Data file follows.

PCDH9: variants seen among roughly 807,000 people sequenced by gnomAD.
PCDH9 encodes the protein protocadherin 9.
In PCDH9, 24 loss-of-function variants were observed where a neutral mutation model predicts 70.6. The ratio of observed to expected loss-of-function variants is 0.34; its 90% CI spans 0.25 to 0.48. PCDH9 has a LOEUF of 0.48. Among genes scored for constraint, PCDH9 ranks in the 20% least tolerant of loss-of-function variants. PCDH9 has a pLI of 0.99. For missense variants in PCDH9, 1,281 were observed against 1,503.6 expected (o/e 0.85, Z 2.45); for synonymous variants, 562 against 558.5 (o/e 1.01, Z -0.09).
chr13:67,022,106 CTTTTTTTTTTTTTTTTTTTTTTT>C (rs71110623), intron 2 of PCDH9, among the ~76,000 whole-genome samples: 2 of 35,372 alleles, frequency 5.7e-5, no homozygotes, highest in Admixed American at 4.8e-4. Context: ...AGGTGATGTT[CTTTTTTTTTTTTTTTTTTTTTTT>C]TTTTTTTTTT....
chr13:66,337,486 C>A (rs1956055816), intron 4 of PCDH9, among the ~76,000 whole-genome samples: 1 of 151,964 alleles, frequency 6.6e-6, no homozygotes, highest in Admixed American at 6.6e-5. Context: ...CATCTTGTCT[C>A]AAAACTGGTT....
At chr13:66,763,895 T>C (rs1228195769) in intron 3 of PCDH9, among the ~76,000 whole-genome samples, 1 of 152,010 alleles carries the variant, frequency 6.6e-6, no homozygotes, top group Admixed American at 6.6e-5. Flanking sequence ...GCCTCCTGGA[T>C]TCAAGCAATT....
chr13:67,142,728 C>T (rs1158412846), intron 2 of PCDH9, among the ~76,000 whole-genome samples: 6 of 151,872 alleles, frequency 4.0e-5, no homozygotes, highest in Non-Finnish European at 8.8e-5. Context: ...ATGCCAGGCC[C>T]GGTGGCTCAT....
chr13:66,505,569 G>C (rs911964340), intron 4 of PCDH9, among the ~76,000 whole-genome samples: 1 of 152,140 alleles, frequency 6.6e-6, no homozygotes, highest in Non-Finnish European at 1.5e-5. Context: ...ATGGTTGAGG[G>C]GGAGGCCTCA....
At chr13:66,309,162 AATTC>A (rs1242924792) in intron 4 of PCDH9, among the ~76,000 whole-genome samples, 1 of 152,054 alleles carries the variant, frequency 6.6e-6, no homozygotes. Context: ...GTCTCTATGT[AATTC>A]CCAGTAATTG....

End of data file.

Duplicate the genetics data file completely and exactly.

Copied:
PCDH9: variants seen among roughly 807,000 people sequenced by gnomAD.
PCDH9 encodes the protein protocadherin 9.
In PCDH9, 24 loss-of-function variants were observed where a neutral mutation model predicts 70.6. The ratio of observed to expected loss-of-function variants is 0.34; its 90% CI spans 0.25 to 0.48. PCDH9 has a LOEUF of 0.48. Among genes scored for constraint, PCDH9 ranks in the 20% least tolerant of loss-of-function variants. PCDH9 has a pLI of 0.99. For missense variants in PCDH9, 1,281 were observed against 1,503.6 expected (o/e 0.85, Z 2.45); for synonymous variants, 562 against 558.5 (o/e 1.01, Z -0.09).
chr13:67,022,106 CTTTTTTTTTTTTTTTTTTTTTTT>C (rs71110623), intron 2 of PCDH9, among the ~76,000 whole-genome samples: 2 of 35,372 alleles, frequency 5.7e-5, no homozygotes, highest in Admixed American at 4.8e-4. Context: ...AGGTGATGTT[CTTTTTTTTTTTTTTTTTTTTTTT>C]TTTTTTTTTT....
chr13:66,337,486 C>A (rs1956055816), intron 4 of PCDH9, among the ~76,000 whole-genome samples: 1 of 151,964 alleles, frequency 6.6e-6, no homozygotes, highest in Admixed American at 6.6e-5. Context: ...CATCTTGTCT[C>A]AAAACTGGTT....
At chr13:66,763,895 T>C (rs1228195769) in intron 3 of PCDH9, among the ~76,000 whole-genome samples, 1 of 152,010 alleles carries the variant, frequency 6.6e-6, no homozygotes, top group Admixed American at 6.6e-5. Flanking sequence ...GCCTCCTGGA[T>C]TCAAGCAATT....
chr13:67,142,728 C>T (rs1158412846), intron 2 of PCDH9, among the ~76,000 whole-genome samples: 6 of 151,872 alleles, frequency 4.0e-5, no homozygotes, highest in Non-Finnish European at 8.8e-5. Context: ...ATGCCAGGCC[C>T]GGTGGCTCAT....
chr13:66,505,569 G>C (rs911964340), intron 4 of PCDH9, among the ~76,000 whole-genome samples: 1 of 152,140 alleles, frequency 6.6e-6, no homozygotes, highest in Non-Finnish European at 1.5e-5. Context: ...ATGGTTGAGG[G>C]GGAGGCCTCA....
At chr13:66,309,162 AATTC>A (rs1242924792) in intron 4 of PCDH9, among the ~76,000 whole-genome samples, 1 of 152,054 alleles carries the variant, frequency 6.6e-6, no homozygotes. Context: ...GTCTCTATGT[AATTC>A]CCAGTAATTG....